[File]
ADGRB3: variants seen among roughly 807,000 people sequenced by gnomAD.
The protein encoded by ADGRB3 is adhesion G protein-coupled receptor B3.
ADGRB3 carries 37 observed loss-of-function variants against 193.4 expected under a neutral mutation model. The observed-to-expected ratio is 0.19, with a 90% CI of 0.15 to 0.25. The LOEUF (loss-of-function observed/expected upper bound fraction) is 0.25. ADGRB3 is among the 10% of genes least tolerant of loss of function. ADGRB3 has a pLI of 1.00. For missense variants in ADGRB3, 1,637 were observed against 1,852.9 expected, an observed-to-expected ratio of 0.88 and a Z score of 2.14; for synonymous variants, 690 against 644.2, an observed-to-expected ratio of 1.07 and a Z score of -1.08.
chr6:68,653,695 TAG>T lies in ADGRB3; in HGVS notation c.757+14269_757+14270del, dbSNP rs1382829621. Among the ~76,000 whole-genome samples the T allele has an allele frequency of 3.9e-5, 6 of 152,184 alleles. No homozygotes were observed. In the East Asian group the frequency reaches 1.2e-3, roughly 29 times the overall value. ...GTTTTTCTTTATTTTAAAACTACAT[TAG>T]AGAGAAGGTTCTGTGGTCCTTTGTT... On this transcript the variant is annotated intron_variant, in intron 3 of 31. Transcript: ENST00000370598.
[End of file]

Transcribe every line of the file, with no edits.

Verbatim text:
ADGRB3: variants seen among roughly 807,000 people sequenced by gnomAD.
The protein encoded by ADGRB3 is adhesion G protein-coupled receptor B3.
ADGRB3 carries 37 observed loss-of-function variants against 193.4 expected under a neutral mutation model. The observed-to-expected ratio is 0.19, with a 90% CI of 0.15 to 0.25. The LOEUF (loss-of-function observed/expected upper bound fraction) is 0.25. ADGRB3 is among the 10% of genes least tolerant of loss of function. ADGRB3 has a pLI of 1.00. For missense variants in ADGRB3, 1,637 were observed against 1,852.9 expected, an observed-to-expected ratio of 0.88 and a Z score of 2.14; for synonymous variants, 690 against 644.2, an observed-to-expected ratio of 1.07 and a Z score of -1.08.
chr6:68,653,695 TAG>T lies in ADGRB3; in HGVS notation c.757+14269_757+14270del, dbSNP rs1382829621. Among the ~76,000 whole-genome samples the T allele has an allele frequency of 3.9e-5, 6 of 152,184 alleles. No homozygotes were observed. In the East Asian group the frequency reaches 1.2e-3, roughly 29 times the overall value. ...GTTTTTCTTTATTTTAAAACTACAT[TAG>T]AGAGAAGGTTCTGTGGTCCTTTGTT... On this transcript the variant is annotated intron_variant, in intron 3 of 31. Transcript: ENST00000370598.